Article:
Night of the 10,000 PB’s preview, Saturday 20 May 2023
Mar 29, 2023 • Will Cockerell
OpenTrack are delighted to once again be taking entries and producing results for the exceptional and pioneering night of sport that is the Night of the 10,000 PBs, founded by Ben Pochee and hosted by Highgate Harriers at Parliament Hill.
The full prize pot for this year’s contest now stands at £30,000.
It is a remarkable event which has totally transformed the status of 10,000 metre track running in the UK, but for a period of some 50 years from the early 1960s, 10K participation on the track in the UK slunk to dangerously low levels. Obviously the problem was all in the mind; circling a track 25 times scared people.
In 2013 an official at British Athletics had this tough opinion: “Getting women to do 10K on the track is largely impossible.”
Of course it was a disgraceful thing to say, by someone with limited vision about how to promote our sport. It was the same grim summer when Aly Dixon was forced to line up with the men to save her from running the National Championships solo. The Guardian felt compelled to run the sad tale:
However, over the past decade, the ‘Glastonbury of the 10K’ has attracted eager athletes from all over the UK — and the globe — for a marvellous festival of top level racing and a celebration of life. And that sole female entry for 2013? Make it 80 for 2022! It’s quirky, riotous, bonkers, but brilliant.
Of utmost importance though, is that the entry and seeding system for such a complex night of racing is top notch, and that the results are delivered impeccably, with alacrity, and with as much data as people crave in this day and age.
This is where OpenTrack steps in. All the fun and jamboree, racing tunnels, fireworks, bridges, and beer are great, but at the heart of the day is a deadly serious sports event which requires some intricate organisation.
Some of the special effects that OpenTrack provides to the event are pretty dazzling, and a dream for the casual fan and geek alike.
Every athlete is provided with their splits for a cool 85 of the following benchmarks: 200, 400, 1K, thanks to our colleagues at Seiko.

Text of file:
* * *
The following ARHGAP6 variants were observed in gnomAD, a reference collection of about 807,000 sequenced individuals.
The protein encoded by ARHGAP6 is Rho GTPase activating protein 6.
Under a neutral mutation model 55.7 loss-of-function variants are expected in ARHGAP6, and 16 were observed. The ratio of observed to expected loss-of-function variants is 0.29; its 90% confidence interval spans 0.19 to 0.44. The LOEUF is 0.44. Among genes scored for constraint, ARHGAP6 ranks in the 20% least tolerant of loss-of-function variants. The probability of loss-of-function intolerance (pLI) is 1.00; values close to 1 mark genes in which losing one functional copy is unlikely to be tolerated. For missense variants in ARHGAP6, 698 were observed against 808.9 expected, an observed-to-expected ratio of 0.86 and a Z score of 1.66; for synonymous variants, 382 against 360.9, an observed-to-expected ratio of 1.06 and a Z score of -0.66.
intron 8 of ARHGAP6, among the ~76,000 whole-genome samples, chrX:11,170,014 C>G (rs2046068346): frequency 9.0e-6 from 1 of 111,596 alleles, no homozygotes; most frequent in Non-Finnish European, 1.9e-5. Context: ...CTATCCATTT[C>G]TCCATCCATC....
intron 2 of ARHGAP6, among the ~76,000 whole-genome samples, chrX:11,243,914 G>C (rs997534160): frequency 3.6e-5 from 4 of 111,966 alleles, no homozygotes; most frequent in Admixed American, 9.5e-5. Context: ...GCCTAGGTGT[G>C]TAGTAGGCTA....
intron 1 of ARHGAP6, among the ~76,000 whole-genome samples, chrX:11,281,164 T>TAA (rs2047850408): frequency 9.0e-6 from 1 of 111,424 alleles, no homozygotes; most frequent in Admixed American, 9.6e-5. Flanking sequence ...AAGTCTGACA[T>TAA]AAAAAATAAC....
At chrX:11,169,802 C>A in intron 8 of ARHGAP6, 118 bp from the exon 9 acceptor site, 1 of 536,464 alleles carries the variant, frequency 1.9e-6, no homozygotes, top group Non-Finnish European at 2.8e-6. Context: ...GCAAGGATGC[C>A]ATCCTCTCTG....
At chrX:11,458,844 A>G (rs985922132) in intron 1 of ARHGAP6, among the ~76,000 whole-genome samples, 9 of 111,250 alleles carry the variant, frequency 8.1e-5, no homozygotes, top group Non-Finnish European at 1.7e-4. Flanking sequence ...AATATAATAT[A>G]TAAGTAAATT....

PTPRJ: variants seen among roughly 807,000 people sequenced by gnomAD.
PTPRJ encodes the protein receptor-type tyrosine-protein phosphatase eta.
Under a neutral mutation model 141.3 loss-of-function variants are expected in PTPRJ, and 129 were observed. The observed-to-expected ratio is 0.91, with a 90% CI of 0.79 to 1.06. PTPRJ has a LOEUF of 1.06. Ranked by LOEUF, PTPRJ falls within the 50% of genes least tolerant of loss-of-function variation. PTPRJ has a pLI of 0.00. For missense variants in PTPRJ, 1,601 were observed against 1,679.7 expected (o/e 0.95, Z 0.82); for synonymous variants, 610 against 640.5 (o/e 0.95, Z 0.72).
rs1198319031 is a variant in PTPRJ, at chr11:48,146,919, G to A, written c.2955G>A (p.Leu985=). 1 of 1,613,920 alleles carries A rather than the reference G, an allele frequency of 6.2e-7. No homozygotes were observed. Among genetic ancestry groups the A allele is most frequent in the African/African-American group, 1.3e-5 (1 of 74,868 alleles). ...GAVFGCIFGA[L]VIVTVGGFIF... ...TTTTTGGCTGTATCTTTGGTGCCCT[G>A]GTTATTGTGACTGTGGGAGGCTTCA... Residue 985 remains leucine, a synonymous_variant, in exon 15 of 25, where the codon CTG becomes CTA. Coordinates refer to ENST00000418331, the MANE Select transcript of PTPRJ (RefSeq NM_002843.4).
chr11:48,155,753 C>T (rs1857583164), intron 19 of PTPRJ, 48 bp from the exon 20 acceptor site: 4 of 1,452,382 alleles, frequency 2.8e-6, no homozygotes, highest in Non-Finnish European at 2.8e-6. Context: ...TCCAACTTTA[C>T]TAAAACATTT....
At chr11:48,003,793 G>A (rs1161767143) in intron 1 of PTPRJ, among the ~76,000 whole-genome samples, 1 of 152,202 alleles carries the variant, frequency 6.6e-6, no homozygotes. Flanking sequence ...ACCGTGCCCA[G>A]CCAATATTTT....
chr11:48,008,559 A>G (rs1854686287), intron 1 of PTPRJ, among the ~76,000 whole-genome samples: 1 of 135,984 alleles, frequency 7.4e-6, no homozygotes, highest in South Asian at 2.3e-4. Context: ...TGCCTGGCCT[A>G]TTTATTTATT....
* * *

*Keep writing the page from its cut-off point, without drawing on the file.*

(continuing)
It is a veritable cacophony of colour, stats, info, and a gentle bubbling towards either redemption or collapse. Here’s an example of how OpenTrack presents cumulative splits for the runners logged every 200, in 2022:
Let’s take six athletes’ journeys and enjoy their travails, with 10 different checkpoints:
These numbers take us on the “long and winding road” of what high-class distance running is all about. The consistency, or lack thereof; the fade, the exhaustion, the fightback or sometimes the collapse – and indeed there were many DNFs on the night. A startling 80 entrants didn’t trouble the scorers – with 23 failing to reach the start line, and 57 more having to leave the dance floor thereafter. If not for all the joy and excitement in the air, one might say this was positively medieval.
But what can we take from those above stories, and why does such data and intel form the bedrock of what we do at OpenTrack? The splits celebrate the construction of a race.
Here are a few things to point out and savour:
Look at the differential between the first 400 and the 21st. Can anyone improve? Well, not Walker who goes from an 81 to a salty 99. Grgec does well with 82 to 84, whilst Judd is amazing with her 76 to 73 transfer. Lupton and Casey hang in there just about, whilst Crippa goes from 66.9 to 66.9. Marvellous.
The difference between the 20th and 40th 200s is fun too, as athletes transition from just starting to get tired, to really, really tired. But look at Walker! A 49.5, twice. The other transfers are 40-43, 38.5-38.3, 39-42, 35.4-35.8 and Crippa imperious as ever with his 33.9 to 33.6.
The range of the four Ks we denote is fascinating too. Let’s look at first K versus the seventh:
3:22 - 3:52 3:22 - 3:25 3:10 - 3:08 3:07 - 3:21 2:52 - 2:58 2:44 - 2:42
A natural fade there for four athletes, but incredibly, two found a better 7th K than their first — surprise surprise, it’s the two finest performances of the night from Judd and Crippa.
It’s the perfect lesson in the construction of top distance-running: start steady and build. Less than 1% of runners are truly able to have the discipline, patience, self-belief, and both mental and physical strength to execute that goal, but it’s the way to go.
We all look forward to the festivities of May 20th, for another night to pay homage to a classic endurance event that was once lost, but is now found.